Chemical weapons experts have determined that mustard gas was used during fighting in Syria in August, according to a report by an international watchdog seen by Reuters.
The chemical – which causes severe delayed burns to the eyes, skin and lungs and is banned under international law – was used during a battle between Islamic State insurgents and another rebel group, diplomatic sources said.
The confidential Oct. 29 report by the Organization for the Prohibition of Chemical Weapons (OPCW), a summary of which was shown to Reuters, concluded “with the utmost confidence that at least two people were exposed to sulfur mustard” in the town of Marea, north of Aleppo, on Aug. 21.
“It is very likely that the effects of sulfur mustard resulted in the death of a baby,” it said.
The report provides the first official confirmation of use of sulfur mustard, commonly known as mustard gas, in Syria since it agreed to destroy its chemical weapons stockpile, which included sulfur mustard.
It poses a dilemma for the U.N. Security Council because Syria is supposed to have completely surrendered the toxic chemicals 18 months ago. Their use violates U.N. Security Council resolutions and the 1997 Chemical Weapons Convention.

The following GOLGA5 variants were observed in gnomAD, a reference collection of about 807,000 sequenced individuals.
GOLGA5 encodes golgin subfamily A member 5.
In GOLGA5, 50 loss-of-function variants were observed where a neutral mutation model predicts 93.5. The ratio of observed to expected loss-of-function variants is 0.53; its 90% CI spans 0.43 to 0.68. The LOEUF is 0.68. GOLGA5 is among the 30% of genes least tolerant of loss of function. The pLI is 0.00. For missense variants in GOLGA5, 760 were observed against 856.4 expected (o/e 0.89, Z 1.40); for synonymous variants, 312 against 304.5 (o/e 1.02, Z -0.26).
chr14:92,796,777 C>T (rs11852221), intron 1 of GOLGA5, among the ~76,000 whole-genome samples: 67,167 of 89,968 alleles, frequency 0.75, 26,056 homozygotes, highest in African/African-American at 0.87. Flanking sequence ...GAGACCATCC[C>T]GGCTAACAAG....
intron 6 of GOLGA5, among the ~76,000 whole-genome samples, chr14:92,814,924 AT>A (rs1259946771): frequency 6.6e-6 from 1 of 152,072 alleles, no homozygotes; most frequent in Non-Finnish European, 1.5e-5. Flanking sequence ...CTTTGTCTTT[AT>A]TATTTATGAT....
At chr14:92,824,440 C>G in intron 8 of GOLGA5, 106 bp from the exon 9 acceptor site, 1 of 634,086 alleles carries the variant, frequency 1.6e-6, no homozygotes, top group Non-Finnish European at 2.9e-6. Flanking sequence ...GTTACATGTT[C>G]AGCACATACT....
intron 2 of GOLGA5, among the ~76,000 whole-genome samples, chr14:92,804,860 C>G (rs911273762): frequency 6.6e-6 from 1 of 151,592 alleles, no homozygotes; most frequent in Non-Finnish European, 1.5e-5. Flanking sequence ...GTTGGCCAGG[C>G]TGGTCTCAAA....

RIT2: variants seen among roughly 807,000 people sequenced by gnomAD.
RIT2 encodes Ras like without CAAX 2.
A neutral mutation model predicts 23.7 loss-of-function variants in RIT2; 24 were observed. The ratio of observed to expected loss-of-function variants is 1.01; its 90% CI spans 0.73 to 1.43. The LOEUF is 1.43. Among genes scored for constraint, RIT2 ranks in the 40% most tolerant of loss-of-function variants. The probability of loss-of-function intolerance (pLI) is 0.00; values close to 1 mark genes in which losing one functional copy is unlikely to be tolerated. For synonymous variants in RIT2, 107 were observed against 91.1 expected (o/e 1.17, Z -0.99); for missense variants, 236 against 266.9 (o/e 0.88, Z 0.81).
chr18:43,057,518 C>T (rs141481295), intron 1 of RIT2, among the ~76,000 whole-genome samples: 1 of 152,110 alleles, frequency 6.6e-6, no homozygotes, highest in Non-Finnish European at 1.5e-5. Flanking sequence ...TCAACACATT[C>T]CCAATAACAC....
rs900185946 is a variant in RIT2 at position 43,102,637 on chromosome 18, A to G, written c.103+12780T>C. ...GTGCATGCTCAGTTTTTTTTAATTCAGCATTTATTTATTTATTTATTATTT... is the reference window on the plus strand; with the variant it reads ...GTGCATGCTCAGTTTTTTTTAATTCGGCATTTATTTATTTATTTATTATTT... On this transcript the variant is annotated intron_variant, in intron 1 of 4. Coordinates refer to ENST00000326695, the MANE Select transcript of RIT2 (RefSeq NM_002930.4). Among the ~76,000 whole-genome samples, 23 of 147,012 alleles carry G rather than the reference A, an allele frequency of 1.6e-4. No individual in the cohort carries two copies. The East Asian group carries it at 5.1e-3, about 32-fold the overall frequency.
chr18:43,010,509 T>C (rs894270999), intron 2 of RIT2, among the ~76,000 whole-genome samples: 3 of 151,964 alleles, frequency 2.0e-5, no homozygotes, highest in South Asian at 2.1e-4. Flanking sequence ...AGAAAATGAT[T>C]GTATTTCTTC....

Also “it raises the major question of where the sulfur mustard came from”, one source said. “Either they (IS) gained the ability to make it themselves, or it may have come from an undeclared stockpile overtaken by IS. Both are worrying options.”
The finding, which will be formally presented to U.N. Secretary General Ban Ki-moon later this month, adds to a growing body of evidence that the Islamic State group has obtained, and is using, chemical weapons in both Iraq and Syria.
Kurdish authorities said earlier this month that Islamic State fighters fired mortar rounds containing mustard agent at Kurdish peshmerga fighters in northern Iraq during clashes in August. They said blood samples taken from around 35 fighters who were exposed in the attack southwest of the regional capital of Erbil showed “signatures” of mustard gas.
A team of OPCW experts has been sent to Iraq to confirm the findings and is expected to obtain its own samples later this month, one diplomat said. […]
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the league. The pass rush is not special despite the presence of Ryan Kerrigan and promising rookie Preston Smith.
Don’t believe one bit of it. Would be convenient for the Western forces and especially Britain for their to be this use of Chemical weapons
Reblogged this on theflyingcameldotorg and commented:
We’ve been warning about this for many years.
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